Coalitions are the key to change
“If an enemy has alliances, the problem is grave and the enemy’s position strong; if he has no alliances, the problem is minor and the enemy’s position weak.” ~ Sun Tzu in “The Art of War.”
by Keli'i Akina, Ph.D., President / CEO Grassroot Institute
In the quote above, general and philosopher Sun Tzu of ancient China was writing about military tactics, but this piece of wisdom is equally valuable when it comes to understanding how contemporary lawmakers often react to campaigns for legislative reform. In essence: Put together a coalition of voices behind one cause and you instantly become “strong,” worthy of attention.
All of which goes to explain the impetus behind the Grassroot Institute of Hawaii’s recent webinar on the Jones Act. For this event, we brought together experts representing Hawaii, Alaska, Puerto Rico and Guam to explain how the Jones Act makes life more difficult for those U.S. states and territories. The idea was to demonstrate the common bond that unites these outlying jurisdictions and foster a lasting relationship between them aimed at updating the Jones Act.
The webinar certainly revealed how the Jones Act creates special challenges, beyond just raising costs, for each area.
In Hawaii, we already know that the Jones Act costs the average family approximately $1,800 a year. However, Bob Gunter of Koloa Rum on Kauai provided insight on how the Jones Act is a burden for local business, too.
Gunter recalled that when his company first expanded its distribution to Australia, he wanted to ship his goods directly to the Land Down Under. But since there were no direct connections, he had to send his products eastward first to the U.S. West Coast. The trip to Los Angeles, he said, cost $6,000, while shipping it from LA to Sydney only cost $1,900.
Gunter said that as Koloa Rum has continued to expand, he has become convinced that the Jones Act is a, “major component of the costs that we incur for doing business here,” and that it is an, “impediment to our continued growth and viability.”
In Alaska, the Jones Act is becoming a hot issue again, partly because of the recent successful efforts to secure an exemption for the state’s tourism industry from the Passenger Vessel Services Act, also known as the “Jones Act for cruise ships.” Bethany Marcum of the Alaska Policy Forum said Alaska’s leaders are well aware of the Jones Act and its impact on the state, and there is even a state law, passed in 1984, that requires the governor to lobby for Jones Act repeal.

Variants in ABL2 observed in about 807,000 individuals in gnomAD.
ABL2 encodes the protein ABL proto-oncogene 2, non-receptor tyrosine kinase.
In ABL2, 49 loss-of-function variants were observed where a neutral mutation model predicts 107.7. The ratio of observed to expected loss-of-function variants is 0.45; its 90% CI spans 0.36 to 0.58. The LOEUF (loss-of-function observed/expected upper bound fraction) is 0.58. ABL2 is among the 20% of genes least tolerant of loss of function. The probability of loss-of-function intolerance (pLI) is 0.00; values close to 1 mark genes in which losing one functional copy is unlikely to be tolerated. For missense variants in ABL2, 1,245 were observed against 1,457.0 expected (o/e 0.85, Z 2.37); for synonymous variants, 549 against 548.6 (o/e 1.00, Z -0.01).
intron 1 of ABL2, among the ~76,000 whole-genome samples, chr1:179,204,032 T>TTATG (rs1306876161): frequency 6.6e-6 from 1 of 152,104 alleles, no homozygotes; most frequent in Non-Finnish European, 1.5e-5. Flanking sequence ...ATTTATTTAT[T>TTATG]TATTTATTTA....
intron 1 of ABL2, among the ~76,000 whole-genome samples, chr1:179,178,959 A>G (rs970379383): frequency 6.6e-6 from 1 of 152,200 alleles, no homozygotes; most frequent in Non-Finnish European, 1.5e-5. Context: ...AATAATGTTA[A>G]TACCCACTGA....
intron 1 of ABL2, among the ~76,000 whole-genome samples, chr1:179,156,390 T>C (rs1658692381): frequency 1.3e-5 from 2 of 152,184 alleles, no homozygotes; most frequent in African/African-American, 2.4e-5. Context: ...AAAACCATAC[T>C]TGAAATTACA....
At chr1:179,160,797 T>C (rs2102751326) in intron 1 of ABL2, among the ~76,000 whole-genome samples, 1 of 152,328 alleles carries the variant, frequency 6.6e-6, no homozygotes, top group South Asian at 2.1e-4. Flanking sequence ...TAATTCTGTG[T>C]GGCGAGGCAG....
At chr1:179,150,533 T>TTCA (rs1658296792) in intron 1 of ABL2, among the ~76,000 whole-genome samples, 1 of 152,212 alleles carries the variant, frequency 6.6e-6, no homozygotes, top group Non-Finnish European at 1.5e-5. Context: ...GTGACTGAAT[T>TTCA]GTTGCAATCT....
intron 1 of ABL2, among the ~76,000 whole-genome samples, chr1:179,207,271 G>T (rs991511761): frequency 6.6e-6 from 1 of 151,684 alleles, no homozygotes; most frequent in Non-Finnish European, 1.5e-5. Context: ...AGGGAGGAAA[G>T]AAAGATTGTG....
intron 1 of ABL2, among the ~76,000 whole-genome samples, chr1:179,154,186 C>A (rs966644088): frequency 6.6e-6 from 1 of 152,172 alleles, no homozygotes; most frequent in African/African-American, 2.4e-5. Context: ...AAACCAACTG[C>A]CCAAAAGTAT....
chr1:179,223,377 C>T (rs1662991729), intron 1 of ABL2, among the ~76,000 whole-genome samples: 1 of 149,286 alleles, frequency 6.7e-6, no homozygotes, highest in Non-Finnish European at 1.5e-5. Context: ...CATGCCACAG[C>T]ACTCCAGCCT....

Representing Puerto Rico, Rafael Velez, president of Atabey Capital, explained that one study found that the Jones Act was equivalent to having a 7.2% tax on all of Puerto Rico’s food and beverages. Meanwhile, almost 30% of the island’s electricity is generated by liquid natural gas, yet Puerto Rico must import LNG from places such as Russia, since there are no Jones Act-compliant LNG carriers.
Then there is Guam, America’s most remote territorial outpost, which is at least exempt from the U.S.-build requirement of the Jones Act. However, as Grassroot Scholar and Cato Institute policy analyst Colin Grabow explained, this significant exemption hasn’t helped Guam as much as you might expect. This is because ships bound for Guam from the West Coast generally like to stop in Hawaii first, rendering Guam’s exemption moot, since all carriers traveling between the West Coast and Hawaii must comply with all of the Jones Act’s mandates.
A few years ago, a company that uses foreign-built ships, APL, entered the mainland-to-Guam market, minus the stop in Hawaii, and, indeed, consumers have been benefiting from lower prices. But the previous sole provider, Matson, has been pursuing legal action to force APL out.
In any case, Monday’s webinar made it clear that Alaska, Puerto Rico, Guam and Hawaii are natural allies in reforming the Jones Act. They all would benefit from increased competition and lower shipping costs. Even something as simple as modifying the U.S.-build requirement could make a difference, as the case of Guam has already shown.
During the webinar, Grabow noted that in Washington, D.C., the Jones Act debate is “asymmetrical.” For the groups that benefit from the Jones Act, defending it is their highest priority. Meanwhile, those who are hurt by the Jones Act tend to treat it as one of several issues they care about. In order to move the needle in Washington, we need to demonstrate that there is a broad coalition of groups that care about reforming the Jones Act.
That’s why events like this week’s webinar are important. Hawaii residents aren’t the only ones who are paying extra to prop up the Jones Act. By allying with our friends in Alaska, Puerto Rico, Guam and elsewhere, we will finally be able to make Washington understand why it is time to update the act for the 21st century.
E hana kākou! (Let's work together!)